Researchers and kit-house enthusiasts Andrew and Wendy Mutch live in Michigan, in a wonderful 1926 Sears Hamilton model (see it, and them, here, in this 2017 segment on NBC Nightly news!). Who knew there were so many kit houses in Michigan!? I didn't, but I've learned about tons of them, thanks to Andrew's input in our research-oriented Facebook group -- we've only seen the tip of the iceberg in the blog posts so far! Besides showing homes, Andrew's posts frequently highlight research that he has done authenticating Sears homes and Wardway homes, especially, and providing research-backed information on the development of kit-house companies in the U.S. He also loves to crunch the numbers, and periodically blogs about the data collected from our constantly-growing database of Sears Houses in the U.S.. Andrew has located hundreds of houses in communities in Michigan, New York State, D. C., Maryland, and elsewhere, through top-notch research of mortgages and historic publications, and has been interviewed by the Wall Street Journal, and numerous other national and local news outlets. He and Wendy are both information professionals, and they share their research via the blog, but also through presentations in local communities in Michigan. If you have the opportunity to attend one of their presentations, don't miss it!• Click here to read Kit House Hunters
5. Sears House Seeker
My own blog, here, is my ongoing effort to document the American kit-house phenomenon. An educator by profession, I enjoy delving into the history of the families who bought these kit houses, while also explaining how we identify and locate Sears houses around the country. And, I love the houses, themselves, so it is a joy for me to show off the finds of our kit-house researching community! I began my blog with an in-depth presentation of the Sears No. 110 (Silverdale) that my mother grew up in, built by my Polish immigrant great-grandparents, in Northampton, Massachusetts, and the blog grew from there. I've been interviewed by the Wall Street Journal, Atlas Obscura, and a few other news resources, and my research was the focus of a "St. Louis Character" piece by the St. Louis Business Journal, in 2017 (which led to never-ending references to me, by my husband, as "quite a St. Louis character"--ha!). These days, I'm usually the admin you see presenting the latest Sears House on our informational Sears Modern Homes Facebook page.
• Click here to read Sears House Seeker
• Click here to find links to many online catalogs for Sears houses and other kit-house companies
6. Catalog Homes Of Western New York
If you're hungry to see what Western New York State has to offer, in the world of kit homes, Sarah Mullane's blog, Catalog Homes Of Western New York, is the place for you. Sarah is our group's specialist in the homes of New York State kit-house company, Ray H. Bennett. But, she is an enthusiastic researcher of Sears houses, as well, and you'll find a number of well-researched, informative blog posts here, with quality photographs of houses that Sarah documents.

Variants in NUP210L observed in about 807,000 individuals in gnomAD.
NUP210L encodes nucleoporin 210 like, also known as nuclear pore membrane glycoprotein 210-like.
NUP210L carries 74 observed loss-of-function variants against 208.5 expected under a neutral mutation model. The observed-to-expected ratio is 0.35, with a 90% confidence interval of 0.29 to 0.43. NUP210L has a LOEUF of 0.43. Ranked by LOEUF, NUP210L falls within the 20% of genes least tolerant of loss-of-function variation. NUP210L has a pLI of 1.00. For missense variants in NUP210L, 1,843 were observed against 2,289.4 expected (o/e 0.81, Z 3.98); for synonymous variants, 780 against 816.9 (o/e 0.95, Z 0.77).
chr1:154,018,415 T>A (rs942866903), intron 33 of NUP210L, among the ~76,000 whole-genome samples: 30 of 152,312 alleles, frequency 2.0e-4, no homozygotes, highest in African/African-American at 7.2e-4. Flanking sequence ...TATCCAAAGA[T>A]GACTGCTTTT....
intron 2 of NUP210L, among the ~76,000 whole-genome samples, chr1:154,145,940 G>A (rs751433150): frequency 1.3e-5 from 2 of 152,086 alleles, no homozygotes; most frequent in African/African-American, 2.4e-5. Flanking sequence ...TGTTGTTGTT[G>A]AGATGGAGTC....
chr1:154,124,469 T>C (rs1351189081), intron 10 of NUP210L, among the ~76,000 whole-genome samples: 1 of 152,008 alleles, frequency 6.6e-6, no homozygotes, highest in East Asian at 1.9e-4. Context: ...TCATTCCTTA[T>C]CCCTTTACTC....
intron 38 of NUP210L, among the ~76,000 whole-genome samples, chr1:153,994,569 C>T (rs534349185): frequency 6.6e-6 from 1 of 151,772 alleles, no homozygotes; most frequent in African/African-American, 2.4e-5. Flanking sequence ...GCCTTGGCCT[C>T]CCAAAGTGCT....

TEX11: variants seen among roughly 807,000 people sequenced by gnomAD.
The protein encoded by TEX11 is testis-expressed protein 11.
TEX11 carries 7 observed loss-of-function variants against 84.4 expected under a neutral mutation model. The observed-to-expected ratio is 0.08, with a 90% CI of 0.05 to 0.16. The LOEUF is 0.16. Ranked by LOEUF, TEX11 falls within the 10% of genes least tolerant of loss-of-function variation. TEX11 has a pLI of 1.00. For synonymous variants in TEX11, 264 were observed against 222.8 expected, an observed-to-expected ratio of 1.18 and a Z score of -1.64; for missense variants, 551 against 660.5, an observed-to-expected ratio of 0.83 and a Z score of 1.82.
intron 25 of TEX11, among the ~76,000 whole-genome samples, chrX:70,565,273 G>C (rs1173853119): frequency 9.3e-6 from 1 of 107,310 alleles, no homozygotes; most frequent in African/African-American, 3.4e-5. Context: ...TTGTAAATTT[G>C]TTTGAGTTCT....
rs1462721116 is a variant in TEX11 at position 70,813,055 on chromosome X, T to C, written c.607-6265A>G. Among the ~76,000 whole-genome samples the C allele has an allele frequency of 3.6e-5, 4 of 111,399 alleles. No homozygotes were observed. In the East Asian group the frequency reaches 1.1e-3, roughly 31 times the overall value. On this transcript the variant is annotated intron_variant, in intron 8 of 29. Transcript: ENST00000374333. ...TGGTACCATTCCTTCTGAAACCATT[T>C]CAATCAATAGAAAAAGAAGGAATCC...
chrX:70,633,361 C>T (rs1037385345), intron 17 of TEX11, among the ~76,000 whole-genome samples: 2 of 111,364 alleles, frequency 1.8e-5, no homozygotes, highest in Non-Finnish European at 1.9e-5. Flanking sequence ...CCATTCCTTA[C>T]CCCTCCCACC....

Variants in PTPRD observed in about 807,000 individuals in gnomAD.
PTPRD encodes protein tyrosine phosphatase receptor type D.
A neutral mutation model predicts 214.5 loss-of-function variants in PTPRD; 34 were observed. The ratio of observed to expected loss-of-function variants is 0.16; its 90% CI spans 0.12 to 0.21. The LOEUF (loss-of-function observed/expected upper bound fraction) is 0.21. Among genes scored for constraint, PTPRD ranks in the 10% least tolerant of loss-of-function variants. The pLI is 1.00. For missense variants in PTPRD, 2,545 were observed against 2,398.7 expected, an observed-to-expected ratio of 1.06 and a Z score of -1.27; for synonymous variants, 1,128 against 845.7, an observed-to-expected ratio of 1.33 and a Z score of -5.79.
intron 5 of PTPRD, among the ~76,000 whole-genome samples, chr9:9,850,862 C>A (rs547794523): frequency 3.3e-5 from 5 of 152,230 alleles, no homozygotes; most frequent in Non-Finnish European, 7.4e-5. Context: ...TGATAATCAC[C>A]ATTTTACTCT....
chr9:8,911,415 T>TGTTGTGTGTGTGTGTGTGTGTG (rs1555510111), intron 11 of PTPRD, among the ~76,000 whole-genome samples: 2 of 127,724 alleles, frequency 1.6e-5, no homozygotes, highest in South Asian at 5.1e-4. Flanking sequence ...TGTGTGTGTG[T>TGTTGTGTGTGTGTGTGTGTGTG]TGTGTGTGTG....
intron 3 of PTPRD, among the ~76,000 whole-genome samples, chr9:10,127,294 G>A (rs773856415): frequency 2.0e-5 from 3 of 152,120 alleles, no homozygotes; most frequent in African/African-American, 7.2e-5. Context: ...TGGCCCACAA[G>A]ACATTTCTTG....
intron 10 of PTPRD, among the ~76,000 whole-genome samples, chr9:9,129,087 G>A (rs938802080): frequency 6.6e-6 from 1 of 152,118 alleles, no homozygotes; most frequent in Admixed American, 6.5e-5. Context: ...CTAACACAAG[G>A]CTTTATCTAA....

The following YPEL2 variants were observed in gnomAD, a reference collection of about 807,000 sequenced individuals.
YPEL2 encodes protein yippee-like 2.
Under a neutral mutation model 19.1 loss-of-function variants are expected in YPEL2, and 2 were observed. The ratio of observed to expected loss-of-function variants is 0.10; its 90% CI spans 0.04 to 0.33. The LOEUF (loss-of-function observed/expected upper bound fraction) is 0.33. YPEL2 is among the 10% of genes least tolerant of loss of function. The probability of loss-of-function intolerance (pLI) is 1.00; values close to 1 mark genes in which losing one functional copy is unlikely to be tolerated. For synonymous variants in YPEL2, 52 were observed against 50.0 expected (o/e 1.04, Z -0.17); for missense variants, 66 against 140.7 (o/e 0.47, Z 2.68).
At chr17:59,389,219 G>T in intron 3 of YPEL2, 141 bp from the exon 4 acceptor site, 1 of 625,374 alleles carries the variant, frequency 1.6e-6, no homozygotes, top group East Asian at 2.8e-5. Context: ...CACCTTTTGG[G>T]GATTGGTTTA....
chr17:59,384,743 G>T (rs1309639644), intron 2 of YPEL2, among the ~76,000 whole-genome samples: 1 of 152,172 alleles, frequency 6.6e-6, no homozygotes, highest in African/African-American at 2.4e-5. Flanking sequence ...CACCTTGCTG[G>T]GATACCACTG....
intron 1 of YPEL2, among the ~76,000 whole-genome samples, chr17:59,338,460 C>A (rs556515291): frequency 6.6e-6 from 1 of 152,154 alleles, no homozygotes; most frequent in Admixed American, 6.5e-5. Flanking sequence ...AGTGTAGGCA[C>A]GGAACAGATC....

• Click here to read Catalog Homes Of Western New York
7. Sears Houses In The Midwest
Marie Vore has an eagle eye for identifying Sears houses, and she is the one who coined the phrase, referring to our shared enthusiasm for searching for kit houses around the country, as a "huge historical treasure hunt!". And, just like that, she summed up for us why this searching and documenting is so interesting to us. Her first blog post explained it this way: "This is a badass hobby! Can you imagine ordering a house from a catalog, having it arrive in thousands of pieces in a boxcar, and then having to build it yourself? And then 70,000 other people, all over the United States, do the exact same thing, only with different houses? Then in 1945, during a house cleaning, Sears Roebuck decides to throw out any and all records to do with their catalog homes. This isn't a weird hobby, this is a huge historical treasure hunt."
Well, that's it in a nutshell!
• Click here to read Sears Houses In The Midwest
D.C. area Realtor, and former news reporter for Der Tagesspiegel, Catarina Bannier, with her partner, Marcie Sandalow, is a specialist in working with buyers and sellers in the D.C., Maryland, and Northern Virginia real estate market... but, also a specialist in identifying and documenting kit houses. Catarina's blog, DC House Cat Chiming In, is her presentation of kit houses she has identified around the D.C. area, and includes some beautiful exterior and interior photos (it's great to be a Realtor, in this field!). Catarina has also led a presentation or two about kit houses in her area.
• Click here to read DC House Cat Chiming In
• Click here to read DC House Smarts, Catarina's professional blog about D.C. real estate, and kit houses
• Click Here to go to the Bannier & Sandalow FaceBook page
• Click Here to read Catarina's professional bio
9. American Kit Homes
Realtor Nigel R. Tate, while still a high-school student, took a keen interest in kit houses, and joined our private research group. After a bit, he began a blog about some of the houses he had identified, and this is it! You'll find some well-documented research, on several interesting kit houses, here, in his blog, American Kit Homes.
If your blog reading has given you a taste for further research on your own, I've provided a list of a few great resources in the side column on the right of my blog (Don't miss Daily Bungalow's kit-company albums on Flickr, the resources found at Antique Home, online original catalogs you can find via this link., and Dale Haynes' Pinterest version of Houses By Mail. ) Happy hunting! This is an enjoyable hobby, but also an important bit of research into an unusual phenomenon in American History.